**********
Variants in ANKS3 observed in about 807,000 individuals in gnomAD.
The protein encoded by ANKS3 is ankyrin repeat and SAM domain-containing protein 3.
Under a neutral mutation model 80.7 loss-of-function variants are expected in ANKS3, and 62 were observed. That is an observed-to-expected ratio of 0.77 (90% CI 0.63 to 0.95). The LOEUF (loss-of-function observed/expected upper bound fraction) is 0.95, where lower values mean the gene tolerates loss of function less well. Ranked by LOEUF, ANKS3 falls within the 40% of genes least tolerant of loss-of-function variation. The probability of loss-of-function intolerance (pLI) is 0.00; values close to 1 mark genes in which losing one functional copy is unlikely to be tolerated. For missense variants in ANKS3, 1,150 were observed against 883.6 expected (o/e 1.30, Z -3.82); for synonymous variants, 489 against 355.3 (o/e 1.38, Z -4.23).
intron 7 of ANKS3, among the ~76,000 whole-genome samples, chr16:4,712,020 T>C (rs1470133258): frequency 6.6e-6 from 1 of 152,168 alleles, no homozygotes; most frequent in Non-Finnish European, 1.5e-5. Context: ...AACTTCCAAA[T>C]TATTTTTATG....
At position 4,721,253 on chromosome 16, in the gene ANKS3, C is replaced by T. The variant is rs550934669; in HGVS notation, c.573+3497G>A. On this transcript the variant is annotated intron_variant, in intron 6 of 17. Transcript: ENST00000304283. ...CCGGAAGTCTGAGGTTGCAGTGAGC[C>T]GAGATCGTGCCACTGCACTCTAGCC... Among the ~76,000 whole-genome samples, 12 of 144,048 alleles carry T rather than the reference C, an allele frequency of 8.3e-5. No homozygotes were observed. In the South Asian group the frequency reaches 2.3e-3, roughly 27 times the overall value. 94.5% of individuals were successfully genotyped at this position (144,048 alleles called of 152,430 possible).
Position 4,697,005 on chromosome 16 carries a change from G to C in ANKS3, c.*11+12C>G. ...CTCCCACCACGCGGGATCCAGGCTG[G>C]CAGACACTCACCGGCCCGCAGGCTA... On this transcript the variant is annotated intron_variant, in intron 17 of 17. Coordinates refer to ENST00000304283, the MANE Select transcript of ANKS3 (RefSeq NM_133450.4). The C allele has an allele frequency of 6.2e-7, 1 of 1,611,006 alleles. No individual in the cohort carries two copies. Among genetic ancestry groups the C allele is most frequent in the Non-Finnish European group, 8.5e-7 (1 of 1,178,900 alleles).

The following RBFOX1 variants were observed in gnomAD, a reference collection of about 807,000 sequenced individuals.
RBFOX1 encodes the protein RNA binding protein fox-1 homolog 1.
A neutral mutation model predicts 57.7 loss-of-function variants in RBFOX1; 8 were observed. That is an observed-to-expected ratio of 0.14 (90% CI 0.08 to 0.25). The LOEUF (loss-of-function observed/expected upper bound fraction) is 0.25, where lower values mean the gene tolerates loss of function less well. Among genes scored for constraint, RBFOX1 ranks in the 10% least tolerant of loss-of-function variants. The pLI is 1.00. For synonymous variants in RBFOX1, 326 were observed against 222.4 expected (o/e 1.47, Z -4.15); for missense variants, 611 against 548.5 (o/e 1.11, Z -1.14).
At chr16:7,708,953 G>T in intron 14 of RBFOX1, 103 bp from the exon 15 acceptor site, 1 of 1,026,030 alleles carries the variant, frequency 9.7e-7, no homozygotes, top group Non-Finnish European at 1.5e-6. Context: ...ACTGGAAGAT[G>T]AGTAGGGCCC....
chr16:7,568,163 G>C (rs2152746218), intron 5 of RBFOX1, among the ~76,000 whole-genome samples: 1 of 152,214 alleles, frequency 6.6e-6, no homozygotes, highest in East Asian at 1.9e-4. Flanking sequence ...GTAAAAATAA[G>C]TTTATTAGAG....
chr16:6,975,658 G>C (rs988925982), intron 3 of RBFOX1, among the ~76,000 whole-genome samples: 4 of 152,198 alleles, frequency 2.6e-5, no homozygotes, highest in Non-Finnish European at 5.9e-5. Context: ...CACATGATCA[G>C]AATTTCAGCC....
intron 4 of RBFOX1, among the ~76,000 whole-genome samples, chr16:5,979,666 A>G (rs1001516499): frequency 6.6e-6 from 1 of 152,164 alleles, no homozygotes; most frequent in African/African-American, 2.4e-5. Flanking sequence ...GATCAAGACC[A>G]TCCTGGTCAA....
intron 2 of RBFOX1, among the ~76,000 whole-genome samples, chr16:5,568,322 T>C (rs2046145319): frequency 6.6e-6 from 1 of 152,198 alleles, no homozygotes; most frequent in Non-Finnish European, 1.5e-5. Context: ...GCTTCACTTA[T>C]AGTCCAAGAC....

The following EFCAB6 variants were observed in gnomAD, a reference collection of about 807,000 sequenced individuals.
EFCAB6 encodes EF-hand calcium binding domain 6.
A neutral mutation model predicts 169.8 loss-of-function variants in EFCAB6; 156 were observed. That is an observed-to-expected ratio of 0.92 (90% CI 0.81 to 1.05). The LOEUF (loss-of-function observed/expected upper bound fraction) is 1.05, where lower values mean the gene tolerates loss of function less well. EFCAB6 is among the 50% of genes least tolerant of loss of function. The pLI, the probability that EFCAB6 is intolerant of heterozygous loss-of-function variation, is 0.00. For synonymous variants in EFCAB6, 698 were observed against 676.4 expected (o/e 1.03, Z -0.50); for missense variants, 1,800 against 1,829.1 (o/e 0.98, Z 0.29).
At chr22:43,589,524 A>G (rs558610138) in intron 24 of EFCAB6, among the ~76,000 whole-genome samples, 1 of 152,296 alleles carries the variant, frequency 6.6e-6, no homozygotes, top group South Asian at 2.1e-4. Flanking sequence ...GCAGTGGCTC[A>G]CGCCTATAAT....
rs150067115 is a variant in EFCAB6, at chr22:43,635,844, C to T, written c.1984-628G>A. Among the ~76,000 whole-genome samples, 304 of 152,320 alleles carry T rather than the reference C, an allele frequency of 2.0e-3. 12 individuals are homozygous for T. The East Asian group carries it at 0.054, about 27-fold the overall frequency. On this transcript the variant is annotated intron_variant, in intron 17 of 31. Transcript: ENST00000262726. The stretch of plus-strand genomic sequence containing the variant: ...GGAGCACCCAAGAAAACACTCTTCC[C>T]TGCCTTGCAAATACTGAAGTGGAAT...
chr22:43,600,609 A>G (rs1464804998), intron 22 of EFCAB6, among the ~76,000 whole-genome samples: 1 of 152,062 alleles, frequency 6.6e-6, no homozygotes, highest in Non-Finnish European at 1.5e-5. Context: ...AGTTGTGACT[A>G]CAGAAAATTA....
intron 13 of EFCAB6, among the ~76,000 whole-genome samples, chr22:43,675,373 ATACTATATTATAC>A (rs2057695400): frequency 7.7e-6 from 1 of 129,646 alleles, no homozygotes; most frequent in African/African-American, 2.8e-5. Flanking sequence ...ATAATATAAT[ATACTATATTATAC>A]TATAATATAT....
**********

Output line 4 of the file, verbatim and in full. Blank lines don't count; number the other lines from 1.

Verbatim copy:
intron 7 of ANKS3, among the ~76,000 whole-genome samples, chr16:4,712,020 T>C (rs1470133258): frequency 6.6e-6 from 1 of 152,168 alleles, no homozygotes; most frequent in Non-Finnish European, 1.5e-5. Context: ...AACTTCCAAA[T>C]TATTTTTATG....